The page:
Let’s face it: you’re going to have to do this at some point. Here’s what I’ve learned along the way.
Part 1: Structure
What I’m going to talk about here applies to most writing-based subjects at school, so things like history, geography, media, basically any time you need to argue something. They’re also going to work for biology, where you generally need to explain things. These tips also apply to languages. Your ideas will be simpler in another language, but a sound structure is going to help you convey these ideas. For English essays you can also feel free to be a bit more creative, but if you’re struggling these guidelines will help.
Some basics first. You’re probably sick to death of hearing the hamburger metaphor, but to refresh your memory here goes. You can think of essay as a hamburger; the introduction and conclusion are your buns and the paragraphs between are your toppings. This metaphor is helpful in explaining that your introduction and conclusion hold your essay together by explaining what the reader can expect to see in your essay (introduction) and summing up your arguments (conclusion). The metaphor also tells you that your introduction and conclusion should be similar, in that they both repeat the ideas that the body of your essay contains. The toppings in the burger metaphor (e.g. pattie, cheese, tomato) represent the ideas that you will present in your essay. So if you think back to the burger, you see that each topping gets its own layer; the pattie, cheese and tomato aren’t all mixed up but separate. Likewise in an essay, each idea or argument is going to get its own paragraph.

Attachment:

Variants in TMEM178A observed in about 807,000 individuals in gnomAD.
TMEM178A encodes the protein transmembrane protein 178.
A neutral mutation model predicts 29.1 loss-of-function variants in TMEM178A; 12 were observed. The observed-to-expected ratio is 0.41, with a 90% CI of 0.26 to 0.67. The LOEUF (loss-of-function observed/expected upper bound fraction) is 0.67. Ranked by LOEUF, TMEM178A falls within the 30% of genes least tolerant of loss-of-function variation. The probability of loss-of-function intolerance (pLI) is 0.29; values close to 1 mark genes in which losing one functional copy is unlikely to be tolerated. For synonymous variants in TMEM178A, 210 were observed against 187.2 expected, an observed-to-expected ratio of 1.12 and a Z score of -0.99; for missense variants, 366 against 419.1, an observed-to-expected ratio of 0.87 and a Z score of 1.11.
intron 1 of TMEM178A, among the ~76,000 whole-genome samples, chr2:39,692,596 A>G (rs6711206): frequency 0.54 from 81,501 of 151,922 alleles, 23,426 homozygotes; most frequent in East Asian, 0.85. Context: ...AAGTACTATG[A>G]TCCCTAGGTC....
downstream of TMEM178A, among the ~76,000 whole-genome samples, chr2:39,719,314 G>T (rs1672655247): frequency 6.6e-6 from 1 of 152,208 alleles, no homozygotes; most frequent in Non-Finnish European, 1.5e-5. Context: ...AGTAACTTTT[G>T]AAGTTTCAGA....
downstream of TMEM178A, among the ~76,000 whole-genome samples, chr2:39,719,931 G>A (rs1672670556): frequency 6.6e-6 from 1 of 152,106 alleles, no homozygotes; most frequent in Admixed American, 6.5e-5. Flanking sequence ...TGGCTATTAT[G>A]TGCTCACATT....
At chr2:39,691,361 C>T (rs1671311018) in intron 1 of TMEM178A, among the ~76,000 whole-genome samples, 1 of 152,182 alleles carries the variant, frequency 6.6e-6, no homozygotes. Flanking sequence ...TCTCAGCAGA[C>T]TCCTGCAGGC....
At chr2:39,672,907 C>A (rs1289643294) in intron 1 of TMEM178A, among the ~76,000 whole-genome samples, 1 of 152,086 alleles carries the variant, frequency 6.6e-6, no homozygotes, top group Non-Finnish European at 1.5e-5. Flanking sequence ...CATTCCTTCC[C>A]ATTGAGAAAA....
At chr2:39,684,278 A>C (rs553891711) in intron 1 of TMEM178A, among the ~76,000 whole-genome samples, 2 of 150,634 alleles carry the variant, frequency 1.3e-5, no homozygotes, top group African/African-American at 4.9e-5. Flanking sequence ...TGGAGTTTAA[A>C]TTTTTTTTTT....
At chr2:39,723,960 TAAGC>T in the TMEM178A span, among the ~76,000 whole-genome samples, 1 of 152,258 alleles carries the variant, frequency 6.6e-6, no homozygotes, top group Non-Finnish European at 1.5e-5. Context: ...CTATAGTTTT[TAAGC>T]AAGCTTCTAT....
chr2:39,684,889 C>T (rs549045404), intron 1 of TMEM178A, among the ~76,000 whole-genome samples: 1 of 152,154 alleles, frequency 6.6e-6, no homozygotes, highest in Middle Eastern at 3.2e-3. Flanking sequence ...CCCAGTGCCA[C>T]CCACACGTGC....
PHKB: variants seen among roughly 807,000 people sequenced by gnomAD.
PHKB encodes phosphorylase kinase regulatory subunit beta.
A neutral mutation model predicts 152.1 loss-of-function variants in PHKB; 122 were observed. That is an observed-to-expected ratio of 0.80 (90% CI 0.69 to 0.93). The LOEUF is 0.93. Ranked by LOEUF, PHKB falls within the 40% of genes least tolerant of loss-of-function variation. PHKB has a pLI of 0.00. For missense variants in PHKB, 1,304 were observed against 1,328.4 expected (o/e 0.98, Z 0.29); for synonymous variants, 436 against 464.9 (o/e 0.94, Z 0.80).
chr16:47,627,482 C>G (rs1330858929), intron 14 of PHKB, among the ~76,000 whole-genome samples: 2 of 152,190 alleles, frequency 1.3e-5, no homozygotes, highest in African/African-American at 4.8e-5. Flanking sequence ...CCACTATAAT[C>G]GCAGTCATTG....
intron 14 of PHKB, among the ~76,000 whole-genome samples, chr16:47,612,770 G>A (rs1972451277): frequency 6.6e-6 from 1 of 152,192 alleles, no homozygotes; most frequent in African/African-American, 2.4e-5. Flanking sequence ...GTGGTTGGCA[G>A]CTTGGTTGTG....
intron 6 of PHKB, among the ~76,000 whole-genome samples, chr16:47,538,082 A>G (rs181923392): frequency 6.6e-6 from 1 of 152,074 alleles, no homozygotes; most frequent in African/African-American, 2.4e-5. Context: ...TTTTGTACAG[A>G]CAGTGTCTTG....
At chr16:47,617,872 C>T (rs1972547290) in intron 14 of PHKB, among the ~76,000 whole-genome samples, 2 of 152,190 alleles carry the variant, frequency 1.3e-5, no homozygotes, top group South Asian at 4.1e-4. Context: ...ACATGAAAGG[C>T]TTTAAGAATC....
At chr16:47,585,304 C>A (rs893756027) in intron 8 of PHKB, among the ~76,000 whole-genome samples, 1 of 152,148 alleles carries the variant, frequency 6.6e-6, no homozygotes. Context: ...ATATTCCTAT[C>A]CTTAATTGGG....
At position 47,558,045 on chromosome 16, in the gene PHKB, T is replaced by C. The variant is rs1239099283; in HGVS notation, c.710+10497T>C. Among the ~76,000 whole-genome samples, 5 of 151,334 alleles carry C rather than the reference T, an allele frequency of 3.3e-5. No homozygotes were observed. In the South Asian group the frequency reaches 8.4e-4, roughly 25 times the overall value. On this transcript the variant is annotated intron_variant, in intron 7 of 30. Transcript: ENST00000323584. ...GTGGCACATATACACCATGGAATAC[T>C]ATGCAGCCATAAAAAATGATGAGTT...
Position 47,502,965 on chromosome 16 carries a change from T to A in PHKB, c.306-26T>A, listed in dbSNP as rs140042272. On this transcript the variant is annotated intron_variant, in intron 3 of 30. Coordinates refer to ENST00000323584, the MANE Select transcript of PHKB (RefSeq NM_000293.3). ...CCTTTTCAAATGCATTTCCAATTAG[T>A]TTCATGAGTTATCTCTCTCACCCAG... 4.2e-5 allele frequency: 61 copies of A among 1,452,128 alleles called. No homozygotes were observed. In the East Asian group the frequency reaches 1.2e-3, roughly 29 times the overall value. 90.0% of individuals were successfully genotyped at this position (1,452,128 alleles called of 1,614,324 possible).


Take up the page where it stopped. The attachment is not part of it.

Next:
So what actually goes in your introduction? You can vary the format a bit, but a good introduction should contain two things. First, you need to state what the topic or argument of your essay is. You can give a little background info if you want, but keep it short. Don’t get distracted! The second thing you should include is something about the structure of your essay, so your reader knows what to expect. This is going to set them up to understand your ideas really well. For example you might say that your essay will cover three arguments X, Y & Z for why something is true. Or you could say that you will be exploring two sides of an issue, and will come to a conclusion in the conclusion. Either way, you need to give your reader some idea of what to expect.
So what goes in each of your body paragraphs? We’ve said each paragraph is going to contain one idea, so I want to talk about how this is going to look. Each body paragraph is going to start with a topic sentence. This is way less scary than it sounds. All it is is a simple sentence that states the idea you will explore in the paragraph. Simpler is always better with topic sentences. You want it to be immediately clear what the topic of the paragraph is. Your next few sentences are going to elaborate on your topic sentence. There might be a word that needs explaining or a concept you want to elaborate on. You might explain why what you said in your topic sentence is important. You might just need a few more sentences to help your reader understand your topic sentence. Make sure you don’t stray to another topic though! Often a body paragraph will end with an example relating to your topic. Examples can help your reader to understand a concept or argument better.
Your conclusion is going to do much the same as your introduction. It’s going to state what your main idea is. You also need to remind your reader what your arguments were, by restating the topic sentences from each of paragraphs. If you’re feeling ambitious you can also tell the reader why they should care about what you’ve argued; you can tell them how your topic affects the world.
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